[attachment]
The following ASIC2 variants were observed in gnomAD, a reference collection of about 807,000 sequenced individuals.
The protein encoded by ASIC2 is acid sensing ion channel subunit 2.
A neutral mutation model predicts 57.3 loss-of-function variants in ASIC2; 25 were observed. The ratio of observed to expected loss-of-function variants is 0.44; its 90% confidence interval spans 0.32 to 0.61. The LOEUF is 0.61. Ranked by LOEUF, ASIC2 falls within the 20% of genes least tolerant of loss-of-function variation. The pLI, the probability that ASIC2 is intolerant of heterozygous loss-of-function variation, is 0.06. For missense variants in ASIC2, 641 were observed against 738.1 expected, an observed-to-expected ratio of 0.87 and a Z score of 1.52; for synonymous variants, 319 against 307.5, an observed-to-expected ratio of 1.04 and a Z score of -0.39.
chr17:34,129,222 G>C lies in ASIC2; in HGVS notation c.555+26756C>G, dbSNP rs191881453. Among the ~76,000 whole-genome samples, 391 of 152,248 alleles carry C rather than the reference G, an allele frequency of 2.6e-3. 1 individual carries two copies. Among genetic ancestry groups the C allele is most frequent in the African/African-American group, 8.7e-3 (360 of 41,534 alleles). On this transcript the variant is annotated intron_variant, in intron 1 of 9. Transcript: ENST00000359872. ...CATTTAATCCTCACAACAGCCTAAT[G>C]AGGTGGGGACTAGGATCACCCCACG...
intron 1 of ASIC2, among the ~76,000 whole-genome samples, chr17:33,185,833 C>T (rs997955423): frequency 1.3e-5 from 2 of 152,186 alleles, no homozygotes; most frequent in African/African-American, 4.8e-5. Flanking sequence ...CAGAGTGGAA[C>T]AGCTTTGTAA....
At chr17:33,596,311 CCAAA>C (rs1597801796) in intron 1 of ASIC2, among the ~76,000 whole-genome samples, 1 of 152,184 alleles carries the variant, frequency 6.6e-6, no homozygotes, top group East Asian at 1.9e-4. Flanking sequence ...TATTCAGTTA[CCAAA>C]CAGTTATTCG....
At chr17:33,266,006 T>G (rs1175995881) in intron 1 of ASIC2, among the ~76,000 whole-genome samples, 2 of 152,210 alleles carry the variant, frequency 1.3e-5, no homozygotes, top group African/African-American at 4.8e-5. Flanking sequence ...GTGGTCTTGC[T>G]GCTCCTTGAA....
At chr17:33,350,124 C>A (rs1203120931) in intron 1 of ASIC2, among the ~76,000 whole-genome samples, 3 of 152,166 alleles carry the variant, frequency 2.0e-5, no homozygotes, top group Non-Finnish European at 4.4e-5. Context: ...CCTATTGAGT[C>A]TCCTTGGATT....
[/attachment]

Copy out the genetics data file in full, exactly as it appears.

The following ASIC2 variants were observed in gnomAD, a reference collection of about 807,000 sequenced individuals.
The protein encoded by ASIC2 is acid sensing ion channel subunit 2.
A neutral mutation model predicts 57.3 loss-of-function variants in ASIC2; 25 were observed. The ratio of observed to expected loss-of-function variants is 0.44; its 90% confidence interval spans 0.32 to 0.61. The LOEUF is 0.61. Ranked by LOEUF, ASIC2 falls within the 20% of genes least tolerant of loss-of-function variation. The pLI, the probability that ASIC2 is intolerant of heterozygous loss-of-function variation, is 0.06. For missense variants in ASIC2, 641 were observed against 738.1 expected, an observed-to-expected ratio of 0.87 and a Z score of 1.52; for synonymous variants, 319 against 307.5, an observed-to-expected ratio of 1.04 and a Z score of -0.39.
chr17:34,129,222 G>C lies in ASIC2; in HGVS notation c.555+26756C>G, dbSNP rs191881453. Among the ~76,000 whole-genome samples, 391 of 152,248 alleles carry C rather than the reference G, an allele frequency of 2.6e-3. 1 individual carries two copies. Among genetic ancestry groups the C allele is most frequent in the African/African-American group, 8.7e-3 (360 of 41,534 alleles). On this transcript the variant is annotated intron_variant, in intron 1 of 9. Transcript: ENST00000359872. ...CATTTAATCCTCACAACAGCCTAAT[G>C]AGGTGGGGACTAGGATCACCCCACG...
intron 1 of ASIC2, among the ~76,000 whole-genome samples, chr17:33,185,833 C>T (rs997955423): frequency 1.3e-5 from 2 of 152,186 alleles, no homozygotes; most frequent in African/African-American, 4.8e-5. Flanking sequence ...CAGAGTGGAA[C>T]AGCTTTGTAA....
At chr17:33,596,311 CCAAA>C (rs1597801796) in intron 1 of ASIC2, among the ~76,000 whole-genome samples, 1 of 152,184 alleles carries the variant, frequency 6.6e-6, no homozygotes, top group East Asian at 1.9e-4. Flanking sequence ...TATTCAGTTA[CCAAA>C]CAGTTATTCG....
At chr17:33,266,006 T>G (rs1175995881) in intron 1 of ASIC2, among the ~76,000 whole-genome samples, 2 of 152,210 alleles carry the variant, frequency 1.3e-5, no homozygotes, top group African/African-American at 4.8e-5. Flanking sequence ...GTGGTCTTGC[T>G]GCTCCTTGAA....
At chr17:33,350,124 C>A (rs1203120931) in intron 1 of ASIC2, among the ~76,000 whole-genome samples, 3 of 152,166 alleles carry the variant, frequency 2.0e-5, no homozygotes, top group Non-Finnish European at 4.4e-5. Context: ...CCTATTGAGT[C>A]TCCTTGGATT....